Skoda Octavia RS245

More brawn, less brains Ė but still pragmatic


ENGINE 1984cc inline-4cyl, DOHC, 16v, turbo / POWER 180kW @ 6700rpm / TORQUE 370Nm @ 1600rpm / WEIGHT 1380kg (wagon) / 0-100KM/H 6.7sec / PRICE $43,390 HE PREVIOUS Octavia RS230 never needed more grunt. That front-driven axle struggled as it was to handle what its turbo 2.0-litre inlinefour was pumping.

However, here comes the new RS245, with another 15 horsies under the lid, or 11kW, thanks to software fiddling. Torqueís climbed too, by 20Nm, for 180kW and 370Nm in total.

That puts its figures line-ball with the VW Golf GTI Performance.

Thatís no coincidence. Now that Volkswagenís cult hero has scored upgraded hardware, the hottest Octavia gets the same whizz-bang locking diff and new seven-speed DSG transmission as hand-me-downs.

The grunt comes as part of a 2018 update for the whole range, which includes a facelift, more interior fruit, and adaptive dampers reaching the options list (in a $1500 tech pack).

Skodaís also introduced the RS245 full-time in both transmissions and T body styles. We tested the new hero at a Ďsecretí location on the New South Wales Central Coast (you probably first saw it on Google Earth in about 2005).

The private circuit, thatís confusingly littered with speed signs, offered tight hairpins, rising straights, and extremely technical sections, where you can farm the RS245 for all its got.

Even as a polished daily driver, thereís plenty of hooligan in the RS245ís veins, but it canít convert enthusiasm into pure talent on track.

Besides a wider rear track and new adaptive dampers, the carís supple composure remains. Itís comfortable, yet controlled, and feels that way up to about eight tenths.

The carís fairly neutral into the corner, but starts to push under power.

Itíll easily spin the inside front, too, provided traction control hasnít shut down the party. Yes, even with a diff.

Pro driver Steve Owen, who was on hand at the carís launch, suggests rotating the Octavia into the corner.

This helps square it early and quell wheelspin. But the RS245 just isnít as keen to change direction as its hatch-bodied cousins. Its 2680mm wheelbase is about 49mm longer than a Golfís, and itís a bit tubbier, too.

The seats are cool as ever, and come with Alcantara cushions that replace the old scratch-prone leather jobbies.

Theyíre electrically adjustable, but you roll out of them more on track than the bolsters should allow.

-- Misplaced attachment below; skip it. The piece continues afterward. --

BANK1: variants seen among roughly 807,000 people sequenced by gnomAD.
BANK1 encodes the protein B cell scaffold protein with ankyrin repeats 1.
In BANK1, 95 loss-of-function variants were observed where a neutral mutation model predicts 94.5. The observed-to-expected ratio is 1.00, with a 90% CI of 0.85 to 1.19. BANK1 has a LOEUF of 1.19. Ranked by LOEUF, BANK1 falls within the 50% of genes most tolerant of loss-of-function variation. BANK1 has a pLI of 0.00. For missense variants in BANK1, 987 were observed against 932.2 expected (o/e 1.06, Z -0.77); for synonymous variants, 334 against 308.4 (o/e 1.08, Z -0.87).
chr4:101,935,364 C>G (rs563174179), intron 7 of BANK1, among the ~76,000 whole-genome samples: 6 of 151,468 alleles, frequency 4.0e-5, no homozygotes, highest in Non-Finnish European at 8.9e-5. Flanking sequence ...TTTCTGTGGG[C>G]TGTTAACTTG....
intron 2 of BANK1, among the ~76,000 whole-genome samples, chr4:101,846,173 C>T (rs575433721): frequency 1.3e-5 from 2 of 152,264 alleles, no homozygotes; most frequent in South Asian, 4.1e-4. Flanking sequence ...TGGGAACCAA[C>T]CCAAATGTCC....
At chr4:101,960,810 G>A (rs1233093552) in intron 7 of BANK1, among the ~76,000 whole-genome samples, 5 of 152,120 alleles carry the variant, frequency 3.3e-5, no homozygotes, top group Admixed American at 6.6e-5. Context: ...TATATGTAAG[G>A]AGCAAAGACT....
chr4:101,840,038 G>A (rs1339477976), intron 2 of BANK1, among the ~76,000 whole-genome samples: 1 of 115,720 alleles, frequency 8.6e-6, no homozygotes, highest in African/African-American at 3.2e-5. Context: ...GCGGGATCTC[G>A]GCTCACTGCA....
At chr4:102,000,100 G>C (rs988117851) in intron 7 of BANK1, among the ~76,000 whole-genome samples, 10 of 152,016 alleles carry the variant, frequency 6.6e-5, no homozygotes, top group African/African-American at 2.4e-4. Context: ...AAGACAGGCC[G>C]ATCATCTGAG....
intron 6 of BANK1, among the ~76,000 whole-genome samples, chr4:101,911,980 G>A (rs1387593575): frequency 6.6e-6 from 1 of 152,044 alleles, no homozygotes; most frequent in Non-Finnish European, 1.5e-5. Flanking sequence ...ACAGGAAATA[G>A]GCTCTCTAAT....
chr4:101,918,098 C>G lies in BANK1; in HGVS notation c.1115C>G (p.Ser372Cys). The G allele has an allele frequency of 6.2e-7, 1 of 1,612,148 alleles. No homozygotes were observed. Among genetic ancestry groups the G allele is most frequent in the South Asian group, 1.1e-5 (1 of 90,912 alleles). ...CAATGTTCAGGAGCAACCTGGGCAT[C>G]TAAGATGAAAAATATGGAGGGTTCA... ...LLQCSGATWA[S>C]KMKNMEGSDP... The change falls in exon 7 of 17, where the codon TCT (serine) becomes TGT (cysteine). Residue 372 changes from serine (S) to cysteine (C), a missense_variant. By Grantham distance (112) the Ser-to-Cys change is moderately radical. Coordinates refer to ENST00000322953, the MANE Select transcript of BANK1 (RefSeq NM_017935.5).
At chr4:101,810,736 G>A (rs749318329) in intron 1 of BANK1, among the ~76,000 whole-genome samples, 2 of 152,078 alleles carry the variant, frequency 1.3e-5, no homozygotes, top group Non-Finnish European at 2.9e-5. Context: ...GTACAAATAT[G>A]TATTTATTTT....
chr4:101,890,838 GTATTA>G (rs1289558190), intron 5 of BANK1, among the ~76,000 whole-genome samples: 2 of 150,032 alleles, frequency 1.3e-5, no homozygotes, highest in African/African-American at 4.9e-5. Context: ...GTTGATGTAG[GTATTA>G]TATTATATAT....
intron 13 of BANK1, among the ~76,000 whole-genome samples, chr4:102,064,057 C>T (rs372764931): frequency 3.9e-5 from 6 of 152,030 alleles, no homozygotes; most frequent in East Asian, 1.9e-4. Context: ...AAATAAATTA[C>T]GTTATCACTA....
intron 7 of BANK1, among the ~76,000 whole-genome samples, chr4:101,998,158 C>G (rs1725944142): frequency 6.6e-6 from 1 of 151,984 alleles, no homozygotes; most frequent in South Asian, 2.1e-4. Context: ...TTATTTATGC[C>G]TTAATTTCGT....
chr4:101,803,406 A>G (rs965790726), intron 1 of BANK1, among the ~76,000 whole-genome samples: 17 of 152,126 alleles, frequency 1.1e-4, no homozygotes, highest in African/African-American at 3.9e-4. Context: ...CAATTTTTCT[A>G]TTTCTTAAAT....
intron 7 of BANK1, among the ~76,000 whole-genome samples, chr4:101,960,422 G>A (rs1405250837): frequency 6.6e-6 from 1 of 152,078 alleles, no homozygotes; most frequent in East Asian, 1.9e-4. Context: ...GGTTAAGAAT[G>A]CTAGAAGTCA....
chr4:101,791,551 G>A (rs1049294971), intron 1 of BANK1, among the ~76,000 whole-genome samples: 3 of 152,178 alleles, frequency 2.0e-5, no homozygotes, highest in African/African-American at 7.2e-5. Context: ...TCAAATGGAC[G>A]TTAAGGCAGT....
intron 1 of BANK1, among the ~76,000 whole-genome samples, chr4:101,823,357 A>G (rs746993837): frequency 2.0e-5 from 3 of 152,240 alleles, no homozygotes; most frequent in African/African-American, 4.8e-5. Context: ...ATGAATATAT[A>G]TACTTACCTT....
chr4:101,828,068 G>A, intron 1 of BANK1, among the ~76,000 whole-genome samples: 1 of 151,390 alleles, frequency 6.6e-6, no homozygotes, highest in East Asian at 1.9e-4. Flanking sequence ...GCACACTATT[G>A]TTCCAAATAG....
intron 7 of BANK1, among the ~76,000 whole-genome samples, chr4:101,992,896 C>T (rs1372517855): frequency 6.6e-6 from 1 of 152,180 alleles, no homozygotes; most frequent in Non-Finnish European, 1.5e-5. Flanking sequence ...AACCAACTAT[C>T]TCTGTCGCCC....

There are still some great tools in the Octavia RS245ís arsenal. That steering is accurate as a laser aligner and the added rear track helps free the rear end under brakes.

The engineís powerband has been stretched by 500rpm over the RS230, and 200rpm beyond the Golf GTI Performance, meaning the Skoda wrings everything from a higher 6700rpm redline with a meaty, hardcharging soundtrack.

Itís a great match for a DSG gearbox, however, the seven-speed lacked a perfect ratio between second and third for tight, low-speed corners. The DSGís $2500 price hike is also a hefty charge in this value-focused segment.

Itís nice the six-speed manualís still the price entry point, but the dual-clutch is quoted as quicker to 100km/h.

Weíd pick the more agile sedan if you insist on going ten-tenths on a regular basis, along with better pads, discs, and fluid. But overall the RS245 remains great value, even with a $1700 price hike.

With that sting comes a new (and brilliant) 9.2-inch touchscreen thatís infinitely better than the old smaller unit. While auto folding black mirrors are thrown in. The wagon body (for an extra $1500) remains an IKEAdevouring warrior, while both cars on the stretched MQB platform feel compact, yet genuinely roomy. The only markdown is dull throttle tip-in during stop-start driving.

The RS230 fell over at Bang For Your Bucks last year, and the RS245 hasnít fully corrected its shortcomings. Yes, it pulls harder up high in the rev range, but the gruntís worsened traction issues. And the optional dampers havenít injected much needed stiffness into to the mix.

We suspect the story might be different away from red-mist environments, because the RS230 was a much better car up a twisty road, at about eight tenths, as it was on a racetrack, beyond said eight tenths. And the RS245ís new adaptive dampers suggest it might even have improved its urban manners in the urban jungle. We say suggest because, bafflingly, we didnít really get to drive it on the road at the launch.

And we will save final judgement on the RS245 until then. M


Like Grunty powertrain; wagon practicality; polished ride Dislike Scrappy traction; lack of grip